files, you will need to tell Pig the directory they are in by setting
PIG_CLASSPATH environment variable to that directory.
Note that this must point to the directory that the
XML file is in, not the file itself. Pig will read all XML and
properties files in that directory.
Example 2.2. Running Pig On Your Cluster
Let's run the same script on your cluster that we ran in the local mode example Example 2.1, “Running Pig in Local Mode”. If you are running on a Hadoop cluster you have never used before you will most likely need to create a home directory. Pig can do this for you:
pig_path/bin/pig -e fs -mkdir
hadoop_conf_dir is the directory that your
mapred-site.xml files are located,
pig_path is the path to Pig on your gateway
username is your username on
the gateway machine. If you are using 0.5 or before change
fs -mkdir to mkdir
Remember, you need to set
JAVA_HOME before executing any Pig commands. See the section called “Downloading the Pig Package from Apache” for details.
In order to run this example on your cluster you will first need to copy the data to your cluster.
pig_path/bin/pig -e fs -copyFromLocal
If you are running on Pig 0.5 or before, change fs -copyFromLocal to copyFromLocal.
Now, you are ready to run the Pig Latin script itself:
The first few line will tell you how Pig is
connecting to your cluster. After that it will describe its progress
executing your script. It is important that you verify that Pig is
connecting to the appropriate filesystem and JobTracker by checking
that these values match the values for your cluster. If the
filesystem is listed as
file:/// or the
localhost then Pig did not connect
to your cluster. You will need to check that you entered the values
properly in your configuration files and set
PIG_CLASSPATH properly to the directory that contains
Near the end of the output there should be a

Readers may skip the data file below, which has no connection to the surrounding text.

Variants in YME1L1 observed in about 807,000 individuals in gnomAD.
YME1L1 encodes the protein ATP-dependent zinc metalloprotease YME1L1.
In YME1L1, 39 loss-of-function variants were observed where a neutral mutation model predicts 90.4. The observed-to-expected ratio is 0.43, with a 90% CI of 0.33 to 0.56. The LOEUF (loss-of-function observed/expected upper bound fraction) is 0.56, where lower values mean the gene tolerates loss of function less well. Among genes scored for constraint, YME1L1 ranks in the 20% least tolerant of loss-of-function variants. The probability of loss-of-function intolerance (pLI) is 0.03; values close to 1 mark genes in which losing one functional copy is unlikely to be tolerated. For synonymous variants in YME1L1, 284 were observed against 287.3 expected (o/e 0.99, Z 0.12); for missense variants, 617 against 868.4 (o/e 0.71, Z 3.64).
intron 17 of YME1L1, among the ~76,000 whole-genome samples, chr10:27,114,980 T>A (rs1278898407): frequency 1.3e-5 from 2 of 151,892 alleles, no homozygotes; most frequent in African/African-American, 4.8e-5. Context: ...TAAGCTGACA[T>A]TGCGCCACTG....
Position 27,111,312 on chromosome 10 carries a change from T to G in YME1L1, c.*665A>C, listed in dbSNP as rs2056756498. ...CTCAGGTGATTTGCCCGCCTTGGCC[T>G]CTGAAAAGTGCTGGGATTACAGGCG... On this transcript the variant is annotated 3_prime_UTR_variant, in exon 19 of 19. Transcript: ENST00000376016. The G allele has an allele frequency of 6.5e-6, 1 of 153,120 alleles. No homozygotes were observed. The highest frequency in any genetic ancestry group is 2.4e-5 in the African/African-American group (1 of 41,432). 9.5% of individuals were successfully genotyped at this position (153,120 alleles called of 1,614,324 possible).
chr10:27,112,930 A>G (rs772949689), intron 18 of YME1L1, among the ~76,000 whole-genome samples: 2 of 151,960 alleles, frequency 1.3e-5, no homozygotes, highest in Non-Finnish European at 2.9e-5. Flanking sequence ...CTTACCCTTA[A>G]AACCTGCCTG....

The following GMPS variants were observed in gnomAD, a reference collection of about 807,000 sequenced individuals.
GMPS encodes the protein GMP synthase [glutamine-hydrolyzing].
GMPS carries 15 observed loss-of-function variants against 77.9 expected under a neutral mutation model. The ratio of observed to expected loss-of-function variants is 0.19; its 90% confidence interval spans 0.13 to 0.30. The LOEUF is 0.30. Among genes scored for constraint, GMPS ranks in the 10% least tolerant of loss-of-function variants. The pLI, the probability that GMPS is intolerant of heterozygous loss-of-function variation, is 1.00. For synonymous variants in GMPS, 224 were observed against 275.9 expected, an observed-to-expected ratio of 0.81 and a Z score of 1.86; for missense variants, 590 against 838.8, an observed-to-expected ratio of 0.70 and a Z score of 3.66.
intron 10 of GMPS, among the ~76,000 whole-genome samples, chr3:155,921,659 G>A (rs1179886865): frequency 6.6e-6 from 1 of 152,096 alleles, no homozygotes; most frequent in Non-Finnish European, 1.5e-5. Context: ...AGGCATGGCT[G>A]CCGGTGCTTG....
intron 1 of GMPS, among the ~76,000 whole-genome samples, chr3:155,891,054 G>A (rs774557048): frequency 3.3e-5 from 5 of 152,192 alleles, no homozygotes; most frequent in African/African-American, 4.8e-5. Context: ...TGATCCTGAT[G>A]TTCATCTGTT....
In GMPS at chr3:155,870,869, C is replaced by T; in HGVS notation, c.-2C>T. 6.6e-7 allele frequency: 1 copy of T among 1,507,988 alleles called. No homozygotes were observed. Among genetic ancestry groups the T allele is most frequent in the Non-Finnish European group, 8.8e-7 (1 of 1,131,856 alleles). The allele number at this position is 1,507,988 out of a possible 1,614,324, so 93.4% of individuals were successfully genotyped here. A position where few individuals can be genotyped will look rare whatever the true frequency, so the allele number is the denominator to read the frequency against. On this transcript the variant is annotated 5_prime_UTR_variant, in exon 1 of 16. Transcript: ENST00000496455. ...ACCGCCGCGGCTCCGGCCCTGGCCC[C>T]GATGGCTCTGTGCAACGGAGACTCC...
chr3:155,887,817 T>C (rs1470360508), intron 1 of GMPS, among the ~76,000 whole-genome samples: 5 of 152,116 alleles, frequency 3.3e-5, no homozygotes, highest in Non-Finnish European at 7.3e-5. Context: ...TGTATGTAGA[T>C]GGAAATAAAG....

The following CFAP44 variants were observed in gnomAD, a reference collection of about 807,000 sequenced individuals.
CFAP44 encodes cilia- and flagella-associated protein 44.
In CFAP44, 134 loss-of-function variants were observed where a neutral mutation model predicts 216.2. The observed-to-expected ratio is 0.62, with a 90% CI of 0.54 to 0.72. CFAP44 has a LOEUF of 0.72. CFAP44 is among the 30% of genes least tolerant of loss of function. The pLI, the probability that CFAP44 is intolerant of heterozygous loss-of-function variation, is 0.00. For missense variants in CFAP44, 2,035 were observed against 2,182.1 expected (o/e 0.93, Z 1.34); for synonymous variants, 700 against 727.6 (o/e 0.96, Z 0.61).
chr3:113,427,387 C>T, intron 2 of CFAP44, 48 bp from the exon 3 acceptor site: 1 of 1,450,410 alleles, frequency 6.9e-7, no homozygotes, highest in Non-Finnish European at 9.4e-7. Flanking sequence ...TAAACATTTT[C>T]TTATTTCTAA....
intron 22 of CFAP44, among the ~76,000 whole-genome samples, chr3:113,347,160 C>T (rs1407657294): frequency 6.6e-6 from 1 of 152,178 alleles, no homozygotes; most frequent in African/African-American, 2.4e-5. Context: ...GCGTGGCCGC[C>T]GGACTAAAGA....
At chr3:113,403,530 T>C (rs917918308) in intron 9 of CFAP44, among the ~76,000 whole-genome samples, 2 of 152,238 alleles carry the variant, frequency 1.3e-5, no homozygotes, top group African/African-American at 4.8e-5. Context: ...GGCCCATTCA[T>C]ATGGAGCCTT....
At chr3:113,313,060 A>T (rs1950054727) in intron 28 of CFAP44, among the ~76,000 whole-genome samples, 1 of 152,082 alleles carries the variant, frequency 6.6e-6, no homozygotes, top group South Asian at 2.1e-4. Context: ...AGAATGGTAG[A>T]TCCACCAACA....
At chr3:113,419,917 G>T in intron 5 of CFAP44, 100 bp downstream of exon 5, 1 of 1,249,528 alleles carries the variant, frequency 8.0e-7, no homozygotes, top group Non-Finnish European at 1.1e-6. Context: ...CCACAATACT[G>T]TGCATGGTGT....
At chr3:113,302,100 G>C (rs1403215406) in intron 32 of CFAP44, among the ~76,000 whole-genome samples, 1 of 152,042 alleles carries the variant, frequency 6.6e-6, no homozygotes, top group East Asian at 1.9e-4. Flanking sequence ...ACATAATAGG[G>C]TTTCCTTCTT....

Success!. This means that your execution
succeeded. You can see the results by doing:
pig_path/bin/pig -e fs -cat
which should give you the same connection information and then a dump of all the stock ticker symbols and their average dividends. If you are using Pig 0.5 or before, change fs -cat to cat.
You may have noticed that in
Example 2.1, “Running Pig in Local Mode” I made a point to
average_age is a directory and thus you
have to cat the part file contained in that
directory, but in this example I ran cat
If you list
average_age, you will see
that it is still a directory in this example.
But in HDFS cat can operate on directories. See
Chapter 3, Grunt for a discussion of this.
Running Pig in the Cloud
Cloud computing along with the software as a service (SaaS) model has taken off in recent years. This has been fortuitous for hardware intensive applications like Hadoop. Setting up and maintaining a Hadoop cluster is an expensive proposition in terms of hardware acquisition, facility costs, and maintenance and administration. Many users find that it is cheaper for them to rent the hardware they need instead.
Whether you or your organization decides to use Hadoop and Pig in the cloud or on owned and operated machines, the instructions for running Pig on your cluster are the same, the section called “Running Pig on Your Hadoop Cluster”.